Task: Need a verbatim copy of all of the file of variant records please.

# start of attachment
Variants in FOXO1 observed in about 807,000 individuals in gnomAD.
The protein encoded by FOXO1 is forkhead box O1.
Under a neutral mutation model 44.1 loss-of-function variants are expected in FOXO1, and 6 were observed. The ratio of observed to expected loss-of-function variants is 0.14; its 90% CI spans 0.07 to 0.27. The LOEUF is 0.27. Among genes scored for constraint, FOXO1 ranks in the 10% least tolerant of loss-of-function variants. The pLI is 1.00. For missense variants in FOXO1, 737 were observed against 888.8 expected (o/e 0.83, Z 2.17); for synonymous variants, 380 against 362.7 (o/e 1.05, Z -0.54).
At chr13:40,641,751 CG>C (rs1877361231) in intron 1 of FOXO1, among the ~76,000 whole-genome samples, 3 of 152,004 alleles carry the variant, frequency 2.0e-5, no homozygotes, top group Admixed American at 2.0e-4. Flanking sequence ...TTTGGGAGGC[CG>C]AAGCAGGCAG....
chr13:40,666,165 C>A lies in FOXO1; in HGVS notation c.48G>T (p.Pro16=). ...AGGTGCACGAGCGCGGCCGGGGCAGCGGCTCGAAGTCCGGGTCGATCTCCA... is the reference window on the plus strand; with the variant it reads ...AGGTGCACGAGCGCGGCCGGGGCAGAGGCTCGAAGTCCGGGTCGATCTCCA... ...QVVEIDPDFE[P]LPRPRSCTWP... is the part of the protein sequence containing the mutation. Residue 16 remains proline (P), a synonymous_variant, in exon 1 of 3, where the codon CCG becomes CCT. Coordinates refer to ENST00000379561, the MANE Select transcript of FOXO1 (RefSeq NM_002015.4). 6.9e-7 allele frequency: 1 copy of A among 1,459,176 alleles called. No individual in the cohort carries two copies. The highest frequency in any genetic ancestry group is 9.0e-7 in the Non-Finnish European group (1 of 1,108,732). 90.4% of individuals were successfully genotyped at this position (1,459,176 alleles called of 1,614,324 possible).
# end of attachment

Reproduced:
Variants in FOXO1 observed in about 807,000 individuals in gnomAD.
The protein encoded by FOXO1 is forkhead box O1.
Under a neutral mutation model 44.1 loss-of-function variants are expected in FOXO1, and 6 were observed. The ratio of observed to expected loss-of-function variants is 0.14; its 90% CI spans 0.07 to 0.27. The LOEUF is 0.27. Among genes scored for constraint, FOXO1 ranks in the 10% least tolerant of loss-of-function variants. The pLI is 1.00. For missense variants in FOXO1, 737 were observed against 888.8 expected (o/e 0.83, Z 2.17); for synonymous variants, 380 against 362.7 (o/e 1.05, Z -0.54).
At chr13:40,641,751 CG>C (rs1877361231) in intron 1 of FOXO1, among the ~76,000 whole-genome samples, 3 of 152,004 alleles carry the variant, frequency 2.0e-5, no homozygotes, top group Admixed American at 2.0e-4. Flanking sequence ...TTTGGGAGGC[CG>C]AAGCAGGCAG....
chr13:40,666,165 C>A lies in FOXO1; in HGVS notation c.48G>T (p.Pro16=). ...AGGTGCACGAGCGCGGCCGGGGCAGCGGCTCGAAGTCCGGGTCGATCTCCA... is the reference window on the plus strand; with the variant it reads ...AGGTGCACGAGCGCGGCCGGGGCAGAGGCTCGAAGTCCGGGTCGATCTCCA... ...QVVEIDPDFE[P]LPRPRSCTWP... is the part of the protein sequence containing the mutation. Residue 16 remains proline (P), a synonymous_variant, in exon 1 of 3, where the codon CCG becomes CCT. Coordinates refer to ENST00000379561, the MANE Select transcript of FOXO1 (RefSeq NM_002015.4). 6.9e-7 allele frequency: 1 copy of A among 1,459,176 alleles called. No individual in the cohort carries two copies. The highest frequency in any genetic ancestry group is 9.0e-7 in the Non-Finnish European group (1 of 1,108,732). 90.4% of individuals were successfully genotyped at this position (1,459,176 alleles called of 1,614,324 possible).